Whether it’s to show team performance or convince the board to back a key initiative, financial data needs to be presented with visual power.
What is a picture worth? When you’re presenting information to clients, it can mean the difference between comprehension and a blank stare.
Colourful KPI displays and dashboards are becoming de rigeur for even small business accountants, thanks to an explosion of online-based reporting apps. Visual aids are more effective than numbers at telling a story – and that is the key to a good presentation, says consultant Peter Quarry.
“When someone tells you a story, particularly a character-driven story, this causes [the hormone] oxytocin [to be produced] in your brain, which will motivate you to cooperate,” says Quarry, a former psychologist and owner of Creativepsych.net.
Many accountants make the mistake of viewing a presentation as a vehicle for imparting a lot of information, he says. Instead, the goal of a presentation should be to persuade the audience to take action. “If you’re just conveying information, why give a presentation? Give them a handout,” advises Quarry. “If you’re giving a presentation, then there has to be an element of persuasion. People need to be clear on the goal they are trying to achieve.”
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A story has three elements: characters, a plot and emotional tension. That emotion could be anxiety, suspense, anger, optimism or curiosity. Quarry also recommends “turbocharging” stories by using metaphors. For example, if you’re trying to uncover financial facts about a company, you could talk about drilling for oil in the search for oil wells.
"If you're giving a presentation, then there has to be an element of persuasion." Peter Quarry, creativepsych.net
Marcus Small, an expert in building dashboards in Excel, says dashboards are popular because they reduce information overload. “CFOs are throwing their hands in the air and saying there is too much information,” says Small, director of TheSmallman.com.
“There is a drive to summarise information to the consummate single pager.”
It takes a lot of hard thinking to decide on the most important KPIs to an organisation. Once the CFO has chosen the metrics, the business leaders can glance at the page, identify issues to flag and take action. “If your company has liquidity problems, then you can see it straight away on a dashboard. You don’t need to read a 30-page report,” says Small.
The static dashboard may not cut it in larger businesses. Instead, business intelligence tools can give board directors the ability to drill down from a dashboard to the underlying numbers for closer examination.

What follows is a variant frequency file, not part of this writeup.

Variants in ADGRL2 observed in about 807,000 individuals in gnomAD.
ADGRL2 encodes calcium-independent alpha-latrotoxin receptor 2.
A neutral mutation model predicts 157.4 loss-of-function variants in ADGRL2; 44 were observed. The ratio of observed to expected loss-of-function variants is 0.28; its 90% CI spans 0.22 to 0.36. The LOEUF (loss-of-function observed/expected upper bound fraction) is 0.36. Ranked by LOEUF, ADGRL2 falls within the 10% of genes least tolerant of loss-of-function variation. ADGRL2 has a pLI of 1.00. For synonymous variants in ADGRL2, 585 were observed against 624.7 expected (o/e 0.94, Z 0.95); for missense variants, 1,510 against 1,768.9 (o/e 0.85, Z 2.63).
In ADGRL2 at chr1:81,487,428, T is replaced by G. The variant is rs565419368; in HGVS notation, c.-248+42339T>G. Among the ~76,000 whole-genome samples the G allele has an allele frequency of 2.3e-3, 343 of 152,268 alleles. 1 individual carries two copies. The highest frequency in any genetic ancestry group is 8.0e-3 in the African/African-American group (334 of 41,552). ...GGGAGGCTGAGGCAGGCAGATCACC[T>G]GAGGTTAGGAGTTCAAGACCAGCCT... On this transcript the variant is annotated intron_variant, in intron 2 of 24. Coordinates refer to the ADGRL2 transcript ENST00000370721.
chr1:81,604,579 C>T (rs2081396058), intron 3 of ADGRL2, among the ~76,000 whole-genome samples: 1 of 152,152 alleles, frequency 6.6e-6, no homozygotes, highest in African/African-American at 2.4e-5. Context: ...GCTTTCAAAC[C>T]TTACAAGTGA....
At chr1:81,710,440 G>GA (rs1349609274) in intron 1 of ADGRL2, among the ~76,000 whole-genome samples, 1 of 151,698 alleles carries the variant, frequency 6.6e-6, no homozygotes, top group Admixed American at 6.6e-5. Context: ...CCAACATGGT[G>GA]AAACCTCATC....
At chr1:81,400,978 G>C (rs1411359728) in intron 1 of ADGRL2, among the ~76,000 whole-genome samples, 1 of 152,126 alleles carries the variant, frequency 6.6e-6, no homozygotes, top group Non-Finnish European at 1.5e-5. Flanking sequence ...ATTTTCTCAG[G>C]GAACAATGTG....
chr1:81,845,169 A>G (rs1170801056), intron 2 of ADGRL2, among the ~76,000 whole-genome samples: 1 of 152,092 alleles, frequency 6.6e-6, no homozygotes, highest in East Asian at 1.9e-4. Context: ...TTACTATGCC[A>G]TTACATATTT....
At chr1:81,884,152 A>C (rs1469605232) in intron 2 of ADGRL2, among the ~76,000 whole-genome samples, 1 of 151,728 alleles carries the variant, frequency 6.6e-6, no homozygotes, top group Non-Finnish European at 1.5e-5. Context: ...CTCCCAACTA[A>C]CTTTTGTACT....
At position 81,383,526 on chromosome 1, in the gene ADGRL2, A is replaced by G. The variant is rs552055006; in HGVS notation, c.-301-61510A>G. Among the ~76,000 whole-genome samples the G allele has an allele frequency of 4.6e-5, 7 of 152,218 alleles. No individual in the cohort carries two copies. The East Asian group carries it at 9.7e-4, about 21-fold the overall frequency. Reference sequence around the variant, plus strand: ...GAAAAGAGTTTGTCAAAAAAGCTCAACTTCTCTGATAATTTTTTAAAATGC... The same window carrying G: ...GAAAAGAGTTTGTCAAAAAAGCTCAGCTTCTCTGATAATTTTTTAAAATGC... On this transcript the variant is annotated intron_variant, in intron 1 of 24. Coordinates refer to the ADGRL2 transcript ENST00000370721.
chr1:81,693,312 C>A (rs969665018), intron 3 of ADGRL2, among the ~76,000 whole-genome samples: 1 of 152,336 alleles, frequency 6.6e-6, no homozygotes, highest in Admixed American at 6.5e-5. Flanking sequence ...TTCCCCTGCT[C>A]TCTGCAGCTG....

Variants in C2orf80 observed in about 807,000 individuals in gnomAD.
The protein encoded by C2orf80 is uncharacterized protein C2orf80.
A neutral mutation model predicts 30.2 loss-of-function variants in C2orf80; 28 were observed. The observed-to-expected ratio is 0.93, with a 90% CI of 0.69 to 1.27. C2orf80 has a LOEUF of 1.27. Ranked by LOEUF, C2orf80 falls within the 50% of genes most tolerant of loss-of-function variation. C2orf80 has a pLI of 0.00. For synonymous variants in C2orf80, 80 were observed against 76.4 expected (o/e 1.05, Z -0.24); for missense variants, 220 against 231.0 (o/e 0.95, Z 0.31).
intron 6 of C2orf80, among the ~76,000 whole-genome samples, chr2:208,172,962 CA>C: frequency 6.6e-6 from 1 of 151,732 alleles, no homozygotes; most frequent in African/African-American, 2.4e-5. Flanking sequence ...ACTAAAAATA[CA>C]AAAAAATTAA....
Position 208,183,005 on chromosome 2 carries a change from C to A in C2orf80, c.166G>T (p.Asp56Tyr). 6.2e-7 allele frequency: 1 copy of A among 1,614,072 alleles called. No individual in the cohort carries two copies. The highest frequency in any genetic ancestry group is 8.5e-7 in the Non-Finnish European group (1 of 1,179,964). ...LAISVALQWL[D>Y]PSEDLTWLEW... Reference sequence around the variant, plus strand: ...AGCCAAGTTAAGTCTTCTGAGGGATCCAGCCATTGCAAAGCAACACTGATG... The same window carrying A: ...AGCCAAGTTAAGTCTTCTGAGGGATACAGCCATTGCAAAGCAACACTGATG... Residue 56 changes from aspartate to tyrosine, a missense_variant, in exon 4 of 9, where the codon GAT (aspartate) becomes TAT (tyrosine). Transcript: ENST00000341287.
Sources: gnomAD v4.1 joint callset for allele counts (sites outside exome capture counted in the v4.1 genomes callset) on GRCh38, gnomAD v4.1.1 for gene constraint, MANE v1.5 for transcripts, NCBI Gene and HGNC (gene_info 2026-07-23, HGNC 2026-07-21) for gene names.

"CFOs are throwing their hands in the air and saying there is too much information." Marcus Small, thesmallman.com
Accountant and experienced data analyst Tim Timchur says interactive dashboards “can avoid the myriad paper-based printed reports and enable users to discover insights rather than ask for more reports”. A chairman could, for example, look at a profit and loss report and view the underlying transactions in one account, or go through expenses line by line for a specific project.
Timchur, who consults to mid-sized companies, uses a range of powerful Microsoft programs for analysing large data sets. The software can monitor a stream of data from internet-connected devices or sensors and analyse the aggregate flow in real time.
“With live data from IoT [Internet of Things] devices, we don’t have time to write data to a table and query it. We have to analyse it as it flows past the process,” he says.
Timchur uses Power BI to visualise internal data and then other tools such as Data Lake or Data Factory to “mash” publicly available information with a retailer’s transaction data. He believes that interactive dashboards are changing the nature of board reporting.
“I think there’s a lot of opportunity for directors to get closer contact with the underlying data in organisations,” he says.
Tips for presenting
- When making graphs, pick colours that complement your client’s brand. Your client will instantly identify with the colour scheme and the report’s contents. Marcus Small
- Ask management what they want to see before making a financial report or dashboard. Do a quick paper mock-up, give it to them and use their feedback. Repeat the processb until the report is complete. If stakeholders aren’t invested in the report, they’re not going to pay it much attention. Marcus Small
- Break your presentation into “nuggets” two to three minutes long. Change rhetorical devices for each new nugget; for example, moving from dry facts and figures to a case study, story or question. Peter Quarry
- Studies show that if you interact with the audience, it increases their comprehension and retention. For example, run a poll, ask how the audience would solve a problem, or explain an issue. Peter Quarry
- A third of the way through a presentation, ask the audience for feedback. How am I doing? Is this too basic? Am I going too fast? Peter Quarry
- If you’re anxious about giving a presentation, calm your nerves by pretending that you’re confident. If you’re anxious about being too anxious, acknowledge this to the audience. It will help to defuse the tension. Peter Quarry
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